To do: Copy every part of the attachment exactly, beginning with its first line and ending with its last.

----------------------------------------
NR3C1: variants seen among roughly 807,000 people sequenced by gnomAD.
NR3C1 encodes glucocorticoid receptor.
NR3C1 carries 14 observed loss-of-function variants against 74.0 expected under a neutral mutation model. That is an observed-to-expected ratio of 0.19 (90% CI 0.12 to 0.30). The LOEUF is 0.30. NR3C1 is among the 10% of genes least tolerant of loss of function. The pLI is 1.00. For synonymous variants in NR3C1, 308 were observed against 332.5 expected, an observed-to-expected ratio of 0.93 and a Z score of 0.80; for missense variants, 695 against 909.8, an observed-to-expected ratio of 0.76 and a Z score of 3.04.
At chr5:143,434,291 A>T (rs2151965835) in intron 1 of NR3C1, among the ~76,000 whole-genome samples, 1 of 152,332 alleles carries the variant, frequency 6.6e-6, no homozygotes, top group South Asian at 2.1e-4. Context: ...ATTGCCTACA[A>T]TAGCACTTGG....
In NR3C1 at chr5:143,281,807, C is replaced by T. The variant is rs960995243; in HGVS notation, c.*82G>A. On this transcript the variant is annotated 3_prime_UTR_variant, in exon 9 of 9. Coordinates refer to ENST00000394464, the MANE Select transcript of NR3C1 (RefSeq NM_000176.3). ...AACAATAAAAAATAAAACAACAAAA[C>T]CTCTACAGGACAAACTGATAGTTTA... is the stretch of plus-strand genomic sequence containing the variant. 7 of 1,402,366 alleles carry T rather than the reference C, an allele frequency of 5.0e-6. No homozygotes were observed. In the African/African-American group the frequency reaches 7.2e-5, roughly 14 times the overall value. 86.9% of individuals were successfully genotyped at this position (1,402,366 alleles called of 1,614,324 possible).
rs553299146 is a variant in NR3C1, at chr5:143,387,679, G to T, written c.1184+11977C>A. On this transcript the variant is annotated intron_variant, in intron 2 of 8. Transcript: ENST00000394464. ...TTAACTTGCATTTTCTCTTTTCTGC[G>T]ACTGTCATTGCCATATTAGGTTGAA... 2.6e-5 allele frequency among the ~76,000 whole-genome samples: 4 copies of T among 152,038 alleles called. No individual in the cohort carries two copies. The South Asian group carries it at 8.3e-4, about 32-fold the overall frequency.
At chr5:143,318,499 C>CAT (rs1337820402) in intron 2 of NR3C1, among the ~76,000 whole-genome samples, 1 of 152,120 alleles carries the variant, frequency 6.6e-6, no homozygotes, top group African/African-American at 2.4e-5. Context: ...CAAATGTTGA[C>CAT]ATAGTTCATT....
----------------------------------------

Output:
NR3C1: variants seen among roughly 807,000 people sequenced by gnomAD.
NR3C1 encodes glucocorticoid receptor.
NR3C1 carries 14 observed loss-of-function variants against 74.0 expected under a neutral mutation model. That is an observed-to-expected ratio of 0.19 (90% CI 0.12 to 0.30). The LOEUF is 0.30. NR3C1 is among the 10% of genes least tolerant of loss of function. The pLI is 1.00. For synonymous variants in NR3C1, 308 were observed against 332.5 expected, an observed-to-expected ratio of 0.93 and a Z score of 0.80; for missense variants, 695 against 909.8, an observed-to-expected ratio of 0.76 and a Z score of 3.04.
At chr5:143,434,291 A>T (rs2151965835) in intron 1 of NR3C1, among the ~76,000 whole-genome samples, 1 of 152,332 alleles carries the variant, frequency 6.6e-6, no homozygotes, top group South Asian at 2.1e-4. Context: ...ATTGCCTACA[A>T]TAGCACTTGG....
In NR3C1 at chr5:143,281,807, C is replaced by T. The variant is rs960995243; in HGVS notation, c.*82G>A. On this transcript the variant is annotated 3_prime_UTR_variant, in exon 9 of 9. Coordinates refer to ENST00000394464, the MANE Select transcript of NR3C1 (RefSeq NM_000176.3). ...AACAATAAAAAATAAAACAACAAAA[C>T]CTCTACAGGACAAACTGATAGTTTA... is the stretch of plus-strand genomic sequence containing the variant. 7 of 1,402,366 alleles carry T rather than the reference C, an allele frequency of 5.0e-6. No homozygotes were observed. In the African/African-American group the frequency reaches 7.2e-5, roughly 14 times the overall value. 86.9% of individuals were successfully genotyped at this position (1,402,366 alleles called of 1,614,324 possible).
rs553299146 is a variant in NR3C1, at chr5:143,387,679, G to T, written c.1184+11977C>A. On this transcript the variant is annotated intron_variant, in intron 2 of 8. Transcript: ENST00000394464. ...TTAACTTGCATTTTCTCTTTTCTGC[G>T]ACTGTCATTGCCATATTAGGTTGAA... 2.6e-5 allele frequency among the ~76,000 whole-genome samples: 4 copies of T among 152,038 alleles called. No individual in the cohort carries two copies. The South Asian group carries it at 8.3e-4, about 32-fold the overall frequency.
At chr5:143,318,499 C>CAT (rs1337820402) in intron 2 of NR3C1, among the ~76,000 whole-genome samples, 1 of 152,120 alleles carries the variant, frequency 6.6e-6, no homozygotes, top group African/African-American at 2.4e-5. Context: ...CAAATGTTGA[C>CAT]ATAGTTCATT....